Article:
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Several Ivies use a system similar to Penn's pre-registration and drop-period, but schools like Harvard and Yale use a "Shopping Period" instead.

Credit: Luke Chen

Some classes are notoriously hard to get into. “Psychology of Food,” a Benjamin Franklin Seminar taught by Professor Paul Rozin, requires an application essay. For other classes, the problem is demand — empty spots are snapped up as soon as they become available.

The deadline to add courses for Penn undergraduates is Feb. 1, two-and-a-half weeks into the semester. The majority of other schools in the Ivy League use a similar system, with pre-registration in the previous term and approximately two weeks of free add-drop starting with the first day of classes.

“I think the advance registration period is really designed to get students to think about the courses they’re taking the next semester way before they have to make a final decision,” said Rob Nelson, Executive Director for Education and Academic Planning at the Office of the Vice Provost for Education.

Harvard and Yale universities, however, have a different approach. Both schools begin the semester with a one to two week “shopping period,” where students are encouraged to visit classes they are interested in to build their final schedules. While Yale requires students to submit preliminary schedules by the first day of classes, Harvard requires no such formal enrollment until the end of the first week.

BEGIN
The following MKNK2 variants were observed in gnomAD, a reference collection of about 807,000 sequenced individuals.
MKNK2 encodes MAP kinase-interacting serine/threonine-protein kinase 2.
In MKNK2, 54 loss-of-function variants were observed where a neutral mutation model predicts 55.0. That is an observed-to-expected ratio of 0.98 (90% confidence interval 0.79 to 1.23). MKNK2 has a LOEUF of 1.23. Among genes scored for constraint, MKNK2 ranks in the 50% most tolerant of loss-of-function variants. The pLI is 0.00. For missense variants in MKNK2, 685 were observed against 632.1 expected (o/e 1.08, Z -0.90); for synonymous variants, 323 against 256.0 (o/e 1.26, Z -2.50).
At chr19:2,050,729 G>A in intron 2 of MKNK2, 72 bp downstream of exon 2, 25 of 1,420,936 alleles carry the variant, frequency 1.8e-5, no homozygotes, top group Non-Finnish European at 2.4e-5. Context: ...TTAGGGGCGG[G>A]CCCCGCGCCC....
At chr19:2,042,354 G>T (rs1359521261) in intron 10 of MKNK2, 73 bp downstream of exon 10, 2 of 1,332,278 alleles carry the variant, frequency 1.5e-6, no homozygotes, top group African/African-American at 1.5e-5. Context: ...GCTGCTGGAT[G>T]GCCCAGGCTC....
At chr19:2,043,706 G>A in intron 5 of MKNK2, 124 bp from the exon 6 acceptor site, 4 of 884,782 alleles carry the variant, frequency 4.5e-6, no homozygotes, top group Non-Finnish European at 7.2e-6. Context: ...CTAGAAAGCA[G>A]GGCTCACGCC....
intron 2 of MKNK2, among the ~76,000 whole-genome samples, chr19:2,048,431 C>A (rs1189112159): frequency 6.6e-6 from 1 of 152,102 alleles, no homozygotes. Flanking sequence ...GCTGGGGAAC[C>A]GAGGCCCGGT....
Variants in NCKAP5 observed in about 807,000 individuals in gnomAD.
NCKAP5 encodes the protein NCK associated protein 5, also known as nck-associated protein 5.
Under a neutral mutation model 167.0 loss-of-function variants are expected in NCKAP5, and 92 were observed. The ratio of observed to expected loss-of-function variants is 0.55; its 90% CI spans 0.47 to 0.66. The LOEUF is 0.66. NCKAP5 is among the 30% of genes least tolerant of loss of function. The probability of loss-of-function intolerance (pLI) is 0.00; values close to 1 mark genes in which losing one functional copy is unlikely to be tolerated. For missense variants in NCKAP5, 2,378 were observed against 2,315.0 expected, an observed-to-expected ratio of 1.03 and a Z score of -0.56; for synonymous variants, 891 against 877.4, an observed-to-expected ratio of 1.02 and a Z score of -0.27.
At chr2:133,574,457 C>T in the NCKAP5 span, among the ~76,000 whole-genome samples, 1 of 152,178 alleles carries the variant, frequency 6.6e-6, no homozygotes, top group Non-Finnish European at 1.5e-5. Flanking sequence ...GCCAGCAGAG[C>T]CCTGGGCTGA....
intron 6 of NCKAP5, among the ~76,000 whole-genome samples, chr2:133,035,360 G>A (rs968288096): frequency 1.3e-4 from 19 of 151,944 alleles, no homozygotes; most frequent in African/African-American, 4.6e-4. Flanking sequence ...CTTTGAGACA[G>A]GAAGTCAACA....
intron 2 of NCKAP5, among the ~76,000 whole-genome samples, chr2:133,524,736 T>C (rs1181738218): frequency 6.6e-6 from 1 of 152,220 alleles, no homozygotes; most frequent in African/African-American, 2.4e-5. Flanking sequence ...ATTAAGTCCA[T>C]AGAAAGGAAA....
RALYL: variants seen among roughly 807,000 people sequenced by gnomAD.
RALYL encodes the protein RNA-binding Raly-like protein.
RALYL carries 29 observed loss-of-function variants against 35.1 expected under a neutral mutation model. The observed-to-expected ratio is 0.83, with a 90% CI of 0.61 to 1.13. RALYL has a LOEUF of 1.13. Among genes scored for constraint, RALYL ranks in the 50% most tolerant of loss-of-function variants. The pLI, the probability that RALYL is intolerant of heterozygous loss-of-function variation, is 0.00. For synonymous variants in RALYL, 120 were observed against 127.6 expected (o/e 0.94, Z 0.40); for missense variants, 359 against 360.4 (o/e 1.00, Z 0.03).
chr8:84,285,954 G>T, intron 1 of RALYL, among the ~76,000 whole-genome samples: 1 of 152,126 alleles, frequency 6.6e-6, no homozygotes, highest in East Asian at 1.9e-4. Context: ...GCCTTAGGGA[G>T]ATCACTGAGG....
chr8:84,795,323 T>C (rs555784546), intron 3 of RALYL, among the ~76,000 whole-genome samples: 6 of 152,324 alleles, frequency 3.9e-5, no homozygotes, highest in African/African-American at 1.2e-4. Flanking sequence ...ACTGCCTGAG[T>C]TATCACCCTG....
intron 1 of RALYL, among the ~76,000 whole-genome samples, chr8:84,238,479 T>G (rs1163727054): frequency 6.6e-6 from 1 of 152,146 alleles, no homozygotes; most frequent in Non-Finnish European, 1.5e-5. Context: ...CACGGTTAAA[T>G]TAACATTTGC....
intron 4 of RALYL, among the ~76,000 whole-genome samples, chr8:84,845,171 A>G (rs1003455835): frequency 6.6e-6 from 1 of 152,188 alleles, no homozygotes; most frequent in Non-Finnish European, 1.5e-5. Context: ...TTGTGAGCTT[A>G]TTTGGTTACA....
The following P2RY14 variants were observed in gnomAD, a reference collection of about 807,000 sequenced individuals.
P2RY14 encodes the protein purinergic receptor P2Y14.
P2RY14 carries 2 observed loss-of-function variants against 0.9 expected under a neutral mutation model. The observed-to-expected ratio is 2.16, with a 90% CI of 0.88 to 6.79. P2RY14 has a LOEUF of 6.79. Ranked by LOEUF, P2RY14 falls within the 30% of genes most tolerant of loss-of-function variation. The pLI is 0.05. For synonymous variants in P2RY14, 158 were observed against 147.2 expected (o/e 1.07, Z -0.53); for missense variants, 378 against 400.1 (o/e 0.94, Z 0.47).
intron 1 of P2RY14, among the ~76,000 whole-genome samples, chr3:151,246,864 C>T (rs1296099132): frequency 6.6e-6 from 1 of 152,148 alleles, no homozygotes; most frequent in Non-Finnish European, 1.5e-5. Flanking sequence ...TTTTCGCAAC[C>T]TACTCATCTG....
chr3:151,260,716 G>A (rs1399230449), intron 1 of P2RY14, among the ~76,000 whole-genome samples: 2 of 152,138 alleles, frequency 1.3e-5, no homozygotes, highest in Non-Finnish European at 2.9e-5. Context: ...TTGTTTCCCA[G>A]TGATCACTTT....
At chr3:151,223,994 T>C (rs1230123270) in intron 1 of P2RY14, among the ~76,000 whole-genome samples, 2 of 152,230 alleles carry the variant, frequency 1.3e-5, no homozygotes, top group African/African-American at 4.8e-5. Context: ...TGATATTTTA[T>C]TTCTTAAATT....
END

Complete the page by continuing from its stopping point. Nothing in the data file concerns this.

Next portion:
The shopping period system allows students to explore a broader number of courses and make final enrollment decisions based on personal experience. “I love this system because it allows you to get a feel for the professor, style of the class and anticipated workload before enrolling in the course,” Harvard sophomore Paige Kebe said, describing the shopping period as a sort of “trial run.”

The system has its drawbacks, however. The first week of class is often full of what the Harvard Crimson described as a, “hectic period” full of crowded classrooms and distracted students who “stumble out early” to catch other classes. Yale has faced similar problems.

“It’s a difficult period for students and teachers alike,” Yale sophomore Sergio Infante said. Infante also called shopping week “misleading,” as it may be difficult to predict the quality of a course based on one class.

According to former Yale College Dean Mary Miller, the “uncertainty” created by open enrollment makes it difficult for teachers to immediately delve into course material. At Penn, some students find themselves with the opposite problem; students who add courses later in the add period may find themselves struggling to catch up.

“I honestly think the add period is too long,” College junior Kevin McNeil said. “You can miss too much of the class and still be allowed to add it.”

Because of these competing reasons, the Council of Undergraduate Deans is looking into the timing and length of the add and drop periods, with an emphasis on the latter question, Nelson said. The council may choose to make add-drop end earlier or later, or even change the system altogether — though the adoption of a Harvard or Yale-esque shopping period does not seem to be on their agenda.

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